My stomach butterflies are telling me that September is going to prove to be somewhat of a stacked one, what with Charli XCX and Tove Lo both dropping their long awaited albums and plenty of other smaller releases bound to hit us between them. This week is all about the greatest band in the world, MUNA, whose stunning sophomore is already proving to be a delicately queer love letter to pop music. It’s the kind of music we deserve.
That being said, there’s also some really gems that have dropped this week too not from MUNA (although I was tempted to simply place the entire album in our dedicated playlist, it’s that good.)
MUNA / TAKEN
Proving that conceptual songwriting doesn’t have to be without relatibility, ‘Taken’ recalls an infatuation over someone already in a relationship, with Katie bemoaning her own desire to destroy someone else’s life just because they want what they can’t have. The production is smooth like silk: curving and swaying whilst the lyrics jut, particularly with gutting lines like Dad left when I was eleven, Mum said it’s ’cause he couldn’t keep from touching other women. The best lyricism is deceptively simple, almost as though it’s a topic we all recognise and expected to have been used before, but approached in an entirely different way that opens it up in new ways. ‘Taken’ does that, forcing you to sympathise with the one who wants to cause all the destruction because we can all fall in love with destruction sometimes.
OH WONDER / HALLELUJAH
Perhaps we ought to credit Oh Wonder a little for the now infamous Billie Eilish ASMR vocals? If there’s one thing about them that sets them apart from anyone else, it’s the exceptional vocal mixing. ‘Hallelujah’ is a positively stunning duet mixed perfectly, the vocals giving weight to one another, and an anthem of self-love that I really didn’t expect from them. Opening with the trademark minimal piano and whispery vocals, it’s not long before the beat picks up and the enormous chorus comes sweeping in. It’s marvelous.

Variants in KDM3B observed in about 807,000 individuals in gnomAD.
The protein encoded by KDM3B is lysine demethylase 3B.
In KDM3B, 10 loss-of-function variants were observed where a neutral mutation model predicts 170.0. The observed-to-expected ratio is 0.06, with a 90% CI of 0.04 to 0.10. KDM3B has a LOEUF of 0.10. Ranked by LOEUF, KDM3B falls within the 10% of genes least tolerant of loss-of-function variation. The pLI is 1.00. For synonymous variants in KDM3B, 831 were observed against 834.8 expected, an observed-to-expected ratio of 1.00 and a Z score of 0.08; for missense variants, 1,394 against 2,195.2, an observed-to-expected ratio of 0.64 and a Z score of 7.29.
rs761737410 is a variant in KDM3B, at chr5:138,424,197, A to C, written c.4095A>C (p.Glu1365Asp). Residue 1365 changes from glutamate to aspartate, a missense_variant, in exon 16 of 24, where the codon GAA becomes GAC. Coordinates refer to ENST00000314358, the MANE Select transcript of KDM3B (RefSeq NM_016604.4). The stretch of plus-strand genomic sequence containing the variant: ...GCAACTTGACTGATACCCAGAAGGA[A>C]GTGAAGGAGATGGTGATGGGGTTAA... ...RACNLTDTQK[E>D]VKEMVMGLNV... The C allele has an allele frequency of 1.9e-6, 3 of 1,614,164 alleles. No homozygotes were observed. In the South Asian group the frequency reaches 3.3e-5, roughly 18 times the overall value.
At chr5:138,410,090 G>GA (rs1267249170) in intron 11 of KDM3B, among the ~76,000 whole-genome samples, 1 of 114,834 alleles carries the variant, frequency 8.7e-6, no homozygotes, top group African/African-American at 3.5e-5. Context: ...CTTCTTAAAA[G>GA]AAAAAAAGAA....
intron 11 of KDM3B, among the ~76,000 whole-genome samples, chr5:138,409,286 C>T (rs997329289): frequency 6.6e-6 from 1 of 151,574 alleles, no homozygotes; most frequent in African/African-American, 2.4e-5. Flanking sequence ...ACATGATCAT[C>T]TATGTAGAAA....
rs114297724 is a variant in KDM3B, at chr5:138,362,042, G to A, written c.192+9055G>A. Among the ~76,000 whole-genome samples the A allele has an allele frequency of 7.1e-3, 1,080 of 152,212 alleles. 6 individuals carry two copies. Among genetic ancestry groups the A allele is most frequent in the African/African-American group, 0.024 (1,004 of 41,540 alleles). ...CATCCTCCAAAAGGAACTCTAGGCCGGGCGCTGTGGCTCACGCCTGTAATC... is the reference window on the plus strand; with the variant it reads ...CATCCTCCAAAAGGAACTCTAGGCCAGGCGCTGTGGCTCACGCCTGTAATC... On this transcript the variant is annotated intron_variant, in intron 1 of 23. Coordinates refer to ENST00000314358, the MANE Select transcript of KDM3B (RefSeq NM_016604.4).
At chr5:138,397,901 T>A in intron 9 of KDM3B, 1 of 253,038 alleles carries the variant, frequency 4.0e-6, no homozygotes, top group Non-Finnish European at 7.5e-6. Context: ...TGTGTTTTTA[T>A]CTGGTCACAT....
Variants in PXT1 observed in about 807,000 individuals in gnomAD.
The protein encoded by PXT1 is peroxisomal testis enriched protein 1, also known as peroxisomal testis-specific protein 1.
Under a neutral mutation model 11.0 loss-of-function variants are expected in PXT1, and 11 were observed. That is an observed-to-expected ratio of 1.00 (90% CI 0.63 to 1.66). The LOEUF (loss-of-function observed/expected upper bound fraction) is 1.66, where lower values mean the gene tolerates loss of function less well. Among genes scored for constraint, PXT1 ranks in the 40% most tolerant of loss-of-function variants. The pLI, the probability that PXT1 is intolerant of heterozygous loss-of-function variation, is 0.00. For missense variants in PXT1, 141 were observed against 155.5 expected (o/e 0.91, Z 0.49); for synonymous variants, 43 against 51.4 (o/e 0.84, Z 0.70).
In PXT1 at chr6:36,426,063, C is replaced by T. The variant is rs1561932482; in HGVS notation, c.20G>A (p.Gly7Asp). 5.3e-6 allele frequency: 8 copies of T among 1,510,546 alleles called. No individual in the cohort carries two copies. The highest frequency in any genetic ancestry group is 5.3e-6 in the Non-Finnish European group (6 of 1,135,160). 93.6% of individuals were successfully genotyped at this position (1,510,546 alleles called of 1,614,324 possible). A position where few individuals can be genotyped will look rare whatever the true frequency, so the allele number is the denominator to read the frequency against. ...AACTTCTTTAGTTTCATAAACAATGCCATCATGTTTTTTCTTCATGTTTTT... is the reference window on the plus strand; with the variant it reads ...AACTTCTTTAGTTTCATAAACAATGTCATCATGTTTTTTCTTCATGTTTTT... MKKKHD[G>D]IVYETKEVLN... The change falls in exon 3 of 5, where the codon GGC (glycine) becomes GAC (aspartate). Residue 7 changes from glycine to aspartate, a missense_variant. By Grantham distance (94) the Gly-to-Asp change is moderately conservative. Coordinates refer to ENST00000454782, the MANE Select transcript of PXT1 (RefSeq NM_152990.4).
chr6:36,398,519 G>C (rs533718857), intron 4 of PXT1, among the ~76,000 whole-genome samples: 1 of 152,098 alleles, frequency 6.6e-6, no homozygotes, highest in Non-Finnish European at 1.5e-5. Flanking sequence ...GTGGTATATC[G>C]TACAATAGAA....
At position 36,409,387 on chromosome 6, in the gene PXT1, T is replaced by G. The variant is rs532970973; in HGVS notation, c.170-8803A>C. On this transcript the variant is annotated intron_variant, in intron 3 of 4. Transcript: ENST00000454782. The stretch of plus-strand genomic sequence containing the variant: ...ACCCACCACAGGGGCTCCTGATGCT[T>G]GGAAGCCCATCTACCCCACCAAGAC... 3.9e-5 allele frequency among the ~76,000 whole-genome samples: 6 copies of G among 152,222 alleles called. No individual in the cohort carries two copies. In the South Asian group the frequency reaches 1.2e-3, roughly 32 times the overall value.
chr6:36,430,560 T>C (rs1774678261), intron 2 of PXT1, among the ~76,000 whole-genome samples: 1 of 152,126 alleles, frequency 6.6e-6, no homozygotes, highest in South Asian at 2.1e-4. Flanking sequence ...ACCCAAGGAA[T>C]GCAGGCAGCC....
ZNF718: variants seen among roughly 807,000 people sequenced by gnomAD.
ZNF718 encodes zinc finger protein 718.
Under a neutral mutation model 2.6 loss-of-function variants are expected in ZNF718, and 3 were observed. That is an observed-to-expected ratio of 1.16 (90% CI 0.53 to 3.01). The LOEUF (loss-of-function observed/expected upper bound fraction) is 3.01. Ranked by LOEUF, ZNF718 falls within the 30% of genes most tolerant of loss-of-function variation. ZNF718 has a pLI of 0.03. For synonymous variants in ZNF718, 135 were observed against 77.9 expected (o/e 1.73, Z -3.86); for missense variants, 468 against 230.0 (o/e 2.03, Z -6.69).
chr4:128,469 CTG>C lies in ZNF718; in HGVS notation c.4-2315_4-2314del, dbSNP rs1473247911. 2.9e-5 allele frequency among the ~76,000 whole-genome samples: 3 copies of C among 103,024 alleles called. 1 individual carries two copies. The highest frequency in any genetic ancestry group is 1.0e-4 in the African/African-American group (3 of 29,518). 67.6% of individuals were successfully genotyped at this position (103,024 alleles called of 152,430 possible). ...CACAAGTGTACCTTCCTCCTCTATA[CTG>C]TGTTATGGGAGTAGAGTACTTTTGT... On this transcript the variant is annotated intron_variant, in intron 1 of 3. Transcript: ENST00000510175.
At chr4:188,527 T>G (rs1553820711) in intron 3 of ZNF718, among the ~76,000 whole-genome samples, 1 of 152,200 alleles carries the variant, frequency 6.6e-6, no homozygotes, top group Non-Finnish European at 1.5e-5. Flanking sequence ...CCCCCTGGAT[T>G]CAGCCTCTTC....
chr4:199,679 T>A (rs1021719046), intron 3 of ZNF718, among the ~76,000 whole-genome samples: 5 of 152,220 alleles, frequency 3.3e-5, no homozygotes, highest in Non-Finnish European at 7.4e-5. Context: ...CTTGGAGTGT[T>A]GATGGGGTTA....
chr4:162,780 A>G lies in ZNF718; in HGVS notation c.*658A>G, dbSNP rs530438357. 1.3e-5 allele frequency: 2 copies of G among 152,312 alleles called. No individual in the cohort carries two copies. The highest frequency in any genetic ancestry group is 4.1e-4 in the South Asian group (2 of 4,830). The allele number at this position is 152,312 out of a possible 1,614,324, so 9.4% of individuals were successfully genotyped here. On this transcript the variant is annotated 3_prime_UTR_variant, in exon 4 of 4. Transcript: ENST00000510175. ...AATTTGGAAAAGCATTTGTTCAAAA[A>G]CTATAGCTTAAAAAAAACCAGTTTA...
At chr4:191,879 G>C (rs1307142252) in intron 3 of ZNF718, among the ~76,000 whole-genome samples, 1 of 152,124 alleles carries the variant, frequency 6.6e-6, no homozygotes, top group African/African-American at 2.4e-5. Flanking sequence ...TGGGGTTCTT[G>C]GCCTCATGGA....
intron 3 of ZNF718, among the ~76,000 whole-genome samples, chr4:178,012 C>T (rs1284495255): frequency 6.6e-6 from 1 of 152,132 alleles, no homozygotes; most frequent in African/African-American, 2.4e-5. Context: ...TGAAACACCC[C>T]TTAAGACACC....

CAMILA CABELLO / SHAMELESS
Camila is back, immediately following her number one single with a spunky double release. The fact an artist is actually taking the opportunity to relish their momentum in 2019 is a little surprising, let alone releasing two tracks. Once you hear ‘Shameless’ though you’ll understand that the label probably weren’t sure enough about it as a single in all of its BANKS inspired glory. It’s experimental for her, the chorus tore out in place of a hooktastic bridge and floor-shaking drop, but also feels like a decent follow up to ‘Never be the Same’?
SOFI TUKKER / PURPLE HAT
Is there anything more exciting than pop music’s ability to co-opt genres in consistently fresh ways? The way it can fit almost any other genre inside of its skin, evolving as it ingests new inspiration. Sofi Tukker understand this almost better than anyone, with their production constantly evolving as new inspirations find their way into the studio. ‘Purple Hat’, though, is the next step for them: it truly sounds like a cacophony of influences all smashed up into… a Reggaeton-Dance-Pop epic?
JAX JONES, ELLA HENDERSON / THIS IS REAL
Well, I honestly wasn’t sure we’d ever see this track come to light. How fitting that it has reared its head now attached to resident poltergeist Ella Henderson, who hasn’t been seen in years. If you don’t know already ‘This Is Real’ originally featured Selena Gomez (yes) but was seemingly shelved when a brief 10 seconds leaked on to the internet. A damn shame because, as we now know, it’s a pretty timeless house bop. Does it do much to change the wheel? Not really, and dance music doesn’t need to. The thing that makes this special? Ella Henderson’s absolutely stellar delivery, recalling every incredible dance mix vocal from the early 90’s. Those piano stabs and her belting practically transports me to a gypsy fair, spinning my brains out on the rides.
As I said this week is stacked and I could sit here and write about the new Grimes track (a dance inspired bedroom-studio bop), the new Tove Lo and Kylie Minogue feature (yes, they have done a duet!) or even the latest Charli XCX pre-release single. I could write about them, or I could repeat the new MUNA album for the sixth time today. Which is what I’m going to do.
This New Music Friday is brought to you on a Saturday, mostly because humans have not yet developed the ability to survive without sleeping and my body sporadically decided that it needed to collapse and sleep for an extended period of time. Luckily for us, great music is a continuous certainty:
THE MIDNIGHT / AMERICA ONLINE